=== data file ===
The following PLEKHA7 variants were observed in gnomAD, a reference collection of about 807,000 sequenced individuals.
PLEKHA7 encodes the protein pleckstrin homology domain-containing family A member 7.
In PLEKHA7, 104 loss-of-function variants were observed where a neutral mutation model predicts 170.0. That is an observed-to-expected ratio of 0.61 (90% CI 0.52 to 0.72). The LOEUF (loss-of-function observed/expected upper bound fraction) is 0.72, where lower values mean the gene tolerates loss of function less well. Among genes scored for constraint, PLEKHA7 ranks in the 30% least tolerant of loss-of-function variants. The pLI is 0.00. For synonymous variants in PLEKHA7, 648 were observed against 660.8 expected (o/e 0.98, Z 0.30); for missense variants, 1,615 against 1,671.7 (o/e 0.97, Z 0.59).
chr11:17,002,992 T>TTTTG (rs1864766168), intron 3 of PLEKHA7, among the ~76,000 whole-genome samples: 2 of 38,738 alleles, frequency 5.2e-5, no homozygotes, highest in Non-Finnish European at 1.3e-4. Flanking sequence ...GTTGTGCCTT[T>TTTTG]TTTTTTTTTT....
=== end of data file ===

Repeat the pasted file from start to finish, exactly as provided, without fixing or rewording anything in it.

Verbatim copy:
The following PLEKHA7 variants were observed in gnomAD, a reference collection of about 807,000 sequenced individuals.
PLEKHA7 encodes the protein pleckstrin homology domain-containing family A member 7.
In PLEKHA7, 104 loss-of-function variants were observed where a neutral mutation model predicts 170.0. That is an observed-to-expected ratio of 0.61 (90% CI 0.52 to 0.72). The LOEUF (loss-of-function observed/expected upper bound fraction) is 0.72, where lower values mean the gene tolerates loss of function less well. Among genes scored for constraint, PLEKHA7 ranks in the 30% least tolerant of loss-of-function variants. The pLI is 0.00. For synonymous variants in PLEKHA7, 648 were observed against 660.8 expected (o/e 0.98, Z 0.30); for missense variants, 1,615 against 1,671.7 (o/e 0.97, Z 0.59).
chr11:17,002,992 T>TTTTG (rs1864766168), intron 3 of PLEKHA7, among the ~76,000 whole-genome samples: 2 of 38,738 alleles, frequency 5.2e-5, no homozygotes, highest in Non-Finnish European at 1.3e-4. Flanking sequence ...GTTGTGCCTT[T>TTTTG]TTTTTTTTTT....